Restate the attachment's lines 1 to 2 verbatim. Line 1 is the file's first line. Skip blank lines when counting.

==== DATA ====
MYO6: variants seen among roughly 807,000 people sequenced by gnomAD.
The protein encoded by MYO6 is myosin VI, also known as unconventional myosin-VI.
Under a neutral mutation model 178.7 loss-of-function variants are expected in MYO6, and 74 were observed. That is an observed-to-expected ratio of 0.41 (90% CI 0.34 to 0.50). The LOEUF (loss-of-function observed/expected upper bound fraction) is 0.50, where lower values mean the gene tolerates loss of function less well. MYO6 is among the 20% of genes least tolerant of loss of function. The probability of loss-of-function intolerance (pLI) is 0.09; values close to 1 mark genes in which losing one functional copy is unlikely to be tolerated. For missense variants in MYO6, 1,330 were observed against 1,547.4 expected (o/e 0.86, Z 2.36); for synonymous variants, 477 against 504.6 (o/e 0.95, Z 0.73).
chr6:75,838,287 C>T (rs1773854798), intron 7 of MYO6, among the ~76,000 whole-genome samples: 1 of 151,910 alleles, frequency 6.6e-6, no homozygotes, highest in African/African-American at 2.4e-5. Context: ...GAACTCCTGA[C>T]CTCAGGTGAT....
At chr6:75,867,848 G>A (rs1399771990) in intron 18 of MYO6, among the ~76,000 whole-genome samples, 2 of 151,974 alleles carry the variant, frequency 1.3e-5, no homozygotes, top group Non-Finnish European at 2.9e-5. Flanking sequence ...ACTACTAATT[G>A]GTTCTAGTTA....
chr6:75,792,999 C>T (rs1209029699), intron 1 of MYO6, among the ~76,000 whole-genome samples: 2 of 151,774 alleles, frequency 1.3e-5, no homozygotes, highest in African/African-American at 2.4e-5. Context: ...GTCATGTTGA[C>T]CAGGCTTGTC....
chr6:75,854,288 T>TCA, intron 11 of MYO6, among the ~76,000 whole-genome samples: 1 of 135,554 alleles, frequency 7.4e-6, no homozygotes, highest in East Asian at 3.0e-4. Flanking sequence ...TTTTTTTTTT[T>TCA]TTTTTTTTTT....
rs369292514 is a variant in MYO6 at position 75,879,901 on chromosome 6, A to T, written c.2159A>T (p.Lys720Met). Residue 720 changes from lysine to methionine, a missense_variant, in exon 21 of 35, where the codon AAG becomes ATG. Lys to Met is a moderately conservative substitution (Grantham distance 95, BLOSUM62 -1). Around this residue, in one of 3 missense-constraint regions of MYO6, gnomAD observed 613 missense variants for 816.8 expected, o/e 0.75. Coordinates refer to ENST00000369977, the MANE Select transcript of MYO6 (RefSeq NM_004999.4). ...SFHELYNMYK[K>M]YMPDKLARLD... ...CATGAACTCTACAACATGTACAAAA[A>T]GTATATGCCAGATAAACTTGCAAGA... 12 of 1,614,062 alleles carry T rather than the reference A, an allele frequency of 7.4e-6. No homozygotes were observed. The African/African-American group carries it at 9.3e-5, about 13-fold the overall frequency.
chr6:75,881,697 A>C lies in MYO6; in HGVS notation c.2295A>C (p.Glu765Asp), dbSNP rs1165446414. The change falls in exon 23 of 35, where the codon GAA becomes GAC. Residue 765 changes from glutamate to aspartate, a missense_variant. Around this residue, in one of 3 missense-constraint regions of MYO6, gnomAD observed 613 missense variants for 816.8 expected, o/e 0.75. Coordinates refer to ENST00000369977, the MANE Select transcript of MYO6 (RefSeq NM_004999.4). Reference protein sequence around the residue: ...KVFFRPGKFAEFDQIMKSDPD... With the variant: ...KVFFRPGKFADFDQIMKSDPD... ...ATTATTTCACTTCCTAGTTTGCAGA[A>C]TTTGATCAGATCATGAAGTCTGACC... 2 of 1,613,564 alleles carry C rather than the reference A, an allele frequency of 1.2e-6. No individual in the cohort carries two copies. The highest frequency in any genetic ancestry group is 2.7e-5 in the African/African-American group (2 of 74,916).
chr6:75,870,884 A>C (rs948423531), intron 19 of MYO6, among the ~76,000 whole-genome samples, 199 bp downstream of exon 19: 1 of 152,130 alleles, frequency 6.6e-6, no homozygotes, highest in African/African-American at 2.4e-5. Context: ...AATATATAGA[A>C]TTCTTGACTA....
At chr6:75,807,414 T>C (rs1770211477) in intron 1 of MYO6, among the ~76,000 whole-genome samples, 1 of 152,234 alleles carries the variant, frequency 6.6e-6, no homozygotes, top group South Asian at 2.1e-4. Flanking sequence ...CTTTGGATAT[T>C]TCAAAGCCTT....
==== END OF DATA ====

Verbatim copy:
MYO6: variants seen among roughly 807,000 people sequenced by gnomAD.
The protein encoded by MYO6 is myosin VI, also known as unconventional myosin-VI.